The "trick" is to get all the boosting items you can that will stack on top of each other. Flame Cap is a BC herb that I used to use but had dropped a long time ago thinking it was outdated. Truth is it still offers an additional 80SP that I didn't have before. Considering that my large damage spells are all flame based this was an obvious choice to include. It probably would not help anyone else except a Pyro Mage or possibly Elemental Shaman. In addition it is good for 1 minute and can be used again during a single fight after the CD. I can pump out a lot of spells in 1 minute :)

How do I do this?
Regardless of your dps class or spec these tips will help you get more out of your abilities. The first thing to do is to look at your talent trees. Read up on what tree you would like to pursue, then do some research on what talents will help you get the best out of that spec. I have always enjoyed Destro so I had to go out and find the best way to talent and play that spec.
A helpful beginner site is WoW Poplar. This site not only provides the most popular specs but the most popular glyphs, enchants and gems for each one. If you want to get into the number crunching try Elitist Jerks (EJ). If you want more class specific websites go to WoW Wiki. In the search box type in your class/spec such as Arcane Mage or Combat Rogue and down at the bottom of the page is usually a list of websites dedicated to that class or spec. I use The Warlock's Den to get into more class specific discussions.
Second, open up your talent tree. Mouse over and read what your talents do. Moreover, have an understanding of them. So often these days we race to 80, grab a spec that works and then expect to just play it. Without a basic knowledge of what you're doing and how each ability works and is applied you will fail. Case in point, I am horrible on my ret pally. Why? Because I have not taken the time to understand what I'm doing, I just hit buttons. Yes, I admit it. That's her off-spec so I don't pay much attention where I should.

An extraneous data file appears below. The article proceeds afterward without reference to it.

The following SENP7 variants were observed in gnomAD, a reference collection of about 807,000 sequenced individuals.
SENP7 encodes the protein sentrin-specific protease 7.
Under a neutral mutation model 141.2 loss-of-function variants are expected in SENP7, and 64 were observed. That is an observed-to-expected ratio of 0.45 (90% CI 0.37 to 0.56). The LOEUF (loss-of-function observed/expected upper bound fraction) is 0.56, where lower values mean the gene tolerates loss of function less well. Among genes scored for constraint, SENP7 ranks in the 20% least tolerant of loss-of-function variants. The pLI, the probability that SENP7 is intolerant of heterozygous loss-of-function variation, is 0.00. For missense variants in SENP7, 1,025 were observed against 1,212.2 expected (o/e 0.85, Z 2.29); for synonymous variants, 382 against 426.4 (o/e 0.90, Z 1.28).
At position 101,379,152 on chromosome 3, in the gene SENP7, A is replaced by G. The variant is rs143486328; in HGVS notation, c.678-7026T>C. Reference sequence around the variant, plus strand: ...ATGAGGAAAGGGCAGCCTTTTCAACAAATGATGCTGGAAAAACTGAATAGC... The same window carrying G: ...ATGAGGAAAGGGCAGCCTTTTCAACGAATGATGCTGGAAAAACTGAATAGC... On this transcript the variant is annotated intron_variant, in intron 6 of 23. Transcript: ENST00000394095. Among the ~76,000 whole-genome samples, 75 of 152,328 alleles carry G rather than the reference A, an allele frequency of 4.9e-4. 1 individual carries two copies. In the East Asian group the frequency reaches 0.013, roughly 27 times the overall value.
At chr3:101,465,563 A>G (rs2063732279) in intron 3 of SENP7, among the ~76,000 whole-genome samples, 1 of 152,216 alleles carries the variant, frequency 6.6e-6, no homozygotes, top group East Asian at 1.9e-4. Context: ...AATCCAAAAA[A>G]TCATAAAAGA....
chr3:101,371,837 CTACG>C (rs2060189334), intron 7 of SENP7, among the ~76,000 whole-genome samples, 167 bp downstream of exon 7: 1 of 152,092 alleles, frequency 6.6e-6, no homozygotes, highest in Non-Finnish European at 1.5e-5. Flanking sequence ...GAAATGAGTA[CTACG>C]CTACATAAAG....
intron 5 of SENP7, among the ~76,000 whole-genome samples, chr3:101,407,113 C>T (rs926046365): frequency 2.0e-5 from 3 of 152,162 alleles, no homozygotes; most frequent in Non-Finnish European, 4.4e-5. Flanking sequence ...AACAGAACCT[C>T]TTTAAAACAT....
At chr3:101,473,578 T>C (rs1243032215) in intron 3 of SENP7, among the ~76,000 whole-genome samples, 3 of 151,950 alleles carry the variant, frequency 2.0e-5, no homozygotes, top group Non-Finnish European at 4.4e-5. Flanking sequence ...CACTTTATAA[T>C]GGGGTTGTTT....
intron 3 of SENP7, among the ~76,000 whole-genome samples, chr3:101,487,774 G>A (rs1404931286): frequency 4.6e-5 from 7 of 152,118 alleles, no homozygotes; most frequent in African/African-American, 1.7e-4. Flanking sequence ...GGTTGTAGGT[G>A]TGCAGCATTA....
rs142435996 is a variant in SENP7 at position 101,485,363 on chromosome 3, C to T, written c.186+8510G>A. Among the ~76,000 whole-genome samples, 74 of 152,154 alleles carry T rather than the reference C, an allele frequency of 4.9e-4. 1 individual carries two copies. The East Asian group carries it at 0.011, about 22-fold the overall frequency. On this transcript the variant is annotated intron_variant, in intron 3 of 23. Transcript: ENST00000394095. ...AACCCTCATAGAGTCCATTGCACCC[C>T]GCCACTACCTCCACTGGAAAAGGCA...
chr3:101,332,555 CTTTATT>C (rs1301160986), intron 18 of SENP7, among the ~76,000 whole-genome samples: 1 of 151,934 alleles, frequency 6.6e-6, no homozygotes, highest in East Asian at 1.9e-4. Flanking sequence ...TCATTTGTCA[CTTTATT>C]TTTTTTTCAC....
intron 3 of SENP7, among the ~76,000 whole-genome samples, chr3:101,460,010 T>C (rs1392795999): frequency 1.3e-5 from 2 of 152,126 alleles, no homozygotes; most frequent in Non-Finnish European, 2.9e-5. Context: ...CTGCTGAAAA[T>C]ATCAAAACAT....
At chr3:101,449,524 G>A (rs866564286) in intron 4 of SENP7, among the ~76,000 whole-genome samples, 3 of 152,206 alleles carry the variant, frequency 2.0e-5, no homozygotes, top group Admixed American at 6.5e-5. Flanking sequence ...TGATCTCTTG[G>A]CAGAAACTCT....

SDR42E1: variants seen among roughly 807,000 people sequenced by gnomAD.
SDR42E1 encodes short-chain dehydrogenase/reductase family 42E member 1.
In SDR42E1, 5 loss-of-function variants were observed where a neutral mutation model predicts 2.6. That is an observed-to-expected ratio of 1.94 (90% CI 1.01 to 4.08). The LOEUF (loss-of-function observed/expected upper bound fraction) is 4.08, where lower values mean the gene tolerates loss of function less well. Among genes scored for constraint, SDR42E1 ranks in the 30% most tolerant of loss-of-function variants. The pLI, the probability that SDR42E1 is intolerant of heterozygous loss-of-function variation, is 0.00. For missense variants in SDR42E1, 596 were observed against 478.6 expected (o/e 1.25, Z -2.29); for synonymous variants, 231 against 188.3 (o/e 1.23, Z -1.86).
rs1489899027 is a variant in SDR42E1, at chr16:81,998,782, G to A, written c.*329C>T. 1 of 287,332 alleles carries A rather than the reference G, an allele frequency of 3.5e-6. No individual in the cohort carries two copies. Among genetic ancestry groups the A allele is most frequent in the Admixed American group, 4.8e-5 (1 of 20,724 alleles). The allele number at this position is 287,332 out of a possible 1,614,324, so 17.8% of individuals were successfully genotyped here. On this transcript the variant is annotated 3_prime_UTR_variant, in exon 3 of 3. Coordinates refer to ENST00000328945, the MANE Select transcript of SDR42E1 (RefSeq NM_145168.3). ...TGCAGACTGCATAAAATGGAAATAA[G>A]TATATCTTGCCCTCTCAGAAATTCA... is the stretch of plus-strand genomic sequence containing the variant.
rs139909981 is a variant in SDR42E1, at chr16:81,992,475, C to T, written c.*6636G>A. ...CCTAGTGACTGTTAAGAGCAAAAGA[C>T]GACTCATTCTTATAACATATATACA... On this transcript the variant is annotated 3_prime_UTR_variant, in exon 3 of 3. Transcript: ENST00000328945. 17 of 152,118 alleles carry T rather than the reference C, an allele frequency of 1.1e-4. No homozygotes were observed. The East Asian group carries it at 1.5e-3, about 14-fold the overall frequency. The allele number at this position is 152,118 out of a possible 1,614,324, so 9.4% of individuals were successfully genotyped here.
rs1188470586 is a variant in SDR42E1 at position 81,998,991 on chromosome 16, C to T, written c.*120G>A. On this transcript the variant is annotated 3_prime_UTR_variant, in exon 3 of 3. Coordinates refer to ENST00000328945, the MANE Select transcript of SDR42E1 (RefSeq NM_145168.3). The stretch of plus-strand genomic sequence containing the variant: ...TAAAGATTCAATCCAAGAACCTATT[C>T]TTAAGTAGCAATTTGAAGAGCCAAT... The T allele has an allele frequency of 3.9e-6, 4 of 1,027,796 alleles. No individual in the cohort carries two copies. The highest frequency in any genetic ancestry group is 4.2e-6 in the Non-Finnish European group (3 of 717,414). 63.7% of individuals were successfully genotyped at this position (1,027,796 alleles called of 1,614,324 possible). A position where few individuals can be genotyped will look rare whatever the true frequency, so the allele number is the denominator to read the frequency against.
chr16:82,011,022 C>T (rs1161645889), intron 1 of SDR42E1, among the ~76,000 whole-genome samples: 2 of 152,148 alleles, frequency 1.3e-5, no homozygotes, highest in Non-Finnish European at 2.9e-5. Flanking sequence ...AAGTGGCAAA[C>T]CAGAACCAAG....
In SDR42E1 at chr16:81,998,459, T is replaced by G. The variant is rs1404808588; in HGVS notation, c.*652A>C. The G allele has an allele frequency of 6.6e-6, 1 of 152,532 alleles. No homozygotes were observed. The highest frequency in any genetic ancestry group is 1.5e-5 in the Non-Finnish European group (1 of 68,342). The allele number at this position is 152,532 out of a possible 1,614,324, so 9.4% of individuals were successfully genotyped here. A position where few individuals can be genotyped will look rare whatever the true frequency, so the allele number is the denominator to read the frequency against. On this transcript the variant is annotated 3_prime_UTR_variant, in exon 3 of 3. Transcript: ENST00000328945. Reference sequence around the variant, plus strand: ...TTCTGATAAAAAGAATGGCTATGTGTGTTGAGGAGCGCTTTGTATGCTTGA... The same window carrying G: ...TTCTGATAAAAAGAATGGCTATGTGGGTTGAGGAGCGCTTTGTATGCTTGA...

Third, understand your rotation and priorities and why. You have to know what ability benefits from another before you can apply them correctly. Again, refer to my ret button-mashing mentioned above.

I know some of this is basic information, and perhaps common sense. I am one of those people that has to understand the pieces to see the whole picture so it took me a while to really get it. I only hope that some of the knowledge I've gleaned can help someone else along the way.

1 comment:

  1. Although I'm not a lock I absolutely agree with your point that every piece of gear changes things slightly. Last night I chose an offhand with a little more spell and crit as oppose to haste for my resto druid. Was a little scared about losing the haste from my previous offhand but because I had good haste and no issues healing ...I thought throwing in a little crit certainly can't hurt.

    Changing up glyphs can also change up the game a little for you and actually just add a little more interest I think.

    Nice article btw:)